Gearing up for fire season
The month of May brings a number of anticipated activities: baseball, graduations and time to get out in the garden. It also marks the beginning of fire season, which officially starts on May 11.
Last week’s Santa Barbara fires where more than 30,000 residents were evacuated serves as a stark reminder to foothill residents to take a serious look at minimizing the risk of wildfires.
Last year firefighters stationed at Colfax’s CalFire station responded to more than 800 calls.
CalFire, which was established in 1885, has grown from a wildland firefighting unit to an all-risk agency that also responds to structural fires, automobile accidents, medical aid, swift water rescue, hazardous material spills, train wrecks and natural disasters like floods and earthquakes.
“The first and foremost advice we give residents concerns the defensible space around their property. It is vital to take care of debris as soon as possible,” cautions Fire Battalion Chief Chris Paulus. “Many times when there is a late rain, like the one we recently experienced, people get relaxed in their property management and wait until the last minute. By then the burning season is over.”
Instead of burning, he added, residents can make use of CalFire’s chipping program, which will be available, as long as the budget allows.
“The second thing is to make sure the house number is clearly marked and visible from the road,” continued Paulus, a 30-year veteran firefighter. “Snow plows often will knock signs over. If there is an emergency we need to be able to quickly find you.”
Community awareness and education plays a large role in helping cut the risk of fire danger.
“We have between 25 and 30 volunteers within Colfax and the surrounding areas, such as Alta and Dutch Flat, who are an integral part of what we do,” said Paulus.
Because of the consumable fuel, weather and topography, CalFire has requested the city of Colfax be upgraded to a severe fire hazard zone.
“That does not affect the 100-foot radius we want cleared from around existing building structures,” Paulus explained. “The change of zoning encourages the use of more fire resistant materials in construction.”
Captain Scott Lynn of Alta’s CalFire station agrees with Paulus’ view on the importance of community involvement.
“I am here to serve and protect,” said Lynn. “Each year we try to minimize the impact of fire damage, but we can’t do it all by ourselves. Being informed and having situational awareness is a big part of what we try to communicate to the public.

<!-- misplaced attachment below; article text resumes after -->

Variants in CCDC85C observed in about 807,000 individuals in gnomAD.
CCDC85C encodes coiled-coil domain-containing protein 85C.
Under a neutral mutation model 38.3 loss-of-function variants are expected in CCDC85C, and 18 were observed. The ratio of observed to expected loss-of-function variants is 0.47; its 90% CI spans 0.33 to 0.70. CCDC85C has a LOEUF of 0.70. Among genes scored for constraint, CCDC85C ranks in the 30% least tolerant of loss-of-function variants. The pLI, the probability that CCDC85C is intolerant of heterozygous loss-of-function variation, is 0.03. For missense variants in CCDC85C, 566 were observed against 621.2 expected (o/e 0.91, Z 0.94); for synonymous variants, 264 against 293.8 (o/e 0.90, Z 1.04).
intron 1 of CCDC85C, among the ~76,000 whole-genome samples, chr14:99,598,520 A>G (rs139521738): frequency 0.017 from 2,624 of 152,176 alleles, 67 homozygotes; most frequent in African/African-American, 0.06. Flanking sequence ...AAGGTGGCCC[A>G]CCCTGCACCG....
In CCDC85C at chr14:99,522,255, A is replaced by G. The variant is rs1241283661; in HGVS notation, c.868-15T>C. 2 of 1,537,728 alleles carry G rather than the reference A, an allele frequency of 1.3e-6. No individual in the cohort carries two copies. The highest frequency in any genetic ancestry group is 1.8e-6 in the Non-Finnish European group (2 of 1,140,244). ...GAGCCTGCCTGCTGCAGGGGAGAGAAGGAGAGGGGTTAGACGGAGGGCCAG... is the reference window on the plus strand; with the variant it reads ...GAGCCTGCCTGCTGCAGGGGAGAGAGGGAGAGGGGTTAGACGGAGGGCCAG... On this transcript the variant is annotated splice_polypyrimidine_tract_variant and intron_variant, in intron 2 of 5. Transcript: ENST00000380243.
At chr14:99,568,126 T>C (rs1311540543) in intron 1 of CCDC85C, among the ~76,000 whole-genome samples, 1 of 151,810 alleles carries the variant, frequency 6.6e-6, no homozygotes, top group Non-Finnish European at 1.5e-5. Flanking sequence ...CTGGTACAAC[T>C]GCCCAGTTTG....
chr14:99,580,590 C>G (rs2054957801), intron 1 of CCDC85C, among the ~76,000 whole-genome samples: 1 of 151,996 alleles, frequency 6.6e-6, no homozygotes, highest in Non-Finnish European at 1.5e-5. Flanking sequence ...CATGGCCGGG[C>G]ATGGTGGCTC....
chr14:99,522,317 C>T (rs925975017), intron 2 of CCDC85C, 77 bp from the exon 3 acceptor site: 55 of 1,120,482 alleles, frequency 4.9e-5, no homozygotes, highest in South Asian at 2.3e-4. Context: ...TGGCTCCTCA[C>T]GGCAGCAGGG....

“It may be burn day, but if the situation changes, a manageable pile can quickly get out of control and lead to potential hazard. What seems like dying embers can quickly become a potential for hazard,” Lynn said. “Defensible space checks are a great way for us to interact with those we serve. We want to help people understand what they can do to protect themselves.”
Throughout California, there are 803 CalFire stations staffed by 4,700 firefighters as well as seasonal crews and community volunteers. These crews respond to more than 5,600 wildland fires that burn more than 172,000 acres each year.
“That is the risk of living in a fire danger area. We don’t want people to feel they need to moonscape their property,” said Lynn, who worked with the Tahoe Fire Department for 13 years before moving to the Alta station lest year. “To thin out trees and limb up branches is more than a matter of defensible space, it is good forestry heath and management.”
While the threat of a wildfire is out of our control, being prepared and proactive in minimizing the risk is something everyone can do.
Fire safety tips
— Trim branches away from the roof.
— Make sure gutters are free from dry leaves and pine needles.
— Keep branches 10 feet away from the chimney.
— Clearly mark all emergency water sources.
— Keep a fire extinguisher in your home and vehicles.
— Designate an emergency meeting place outside your home.
— Maintain a 100-foot defensible space around all buildings.
— Clearly mark your house address.
— Call CAL FIRE station to schedule a defensible space check.
— Keep within guidelines for permittable burn piles.
— For more information on how to be fire safe, visit fire.ca.gov.
— To obtain a free burn permit or to sign up for the chipping service, call 889-0111.
— To obtain a free CalFire defensible space inspection, call 389-2234.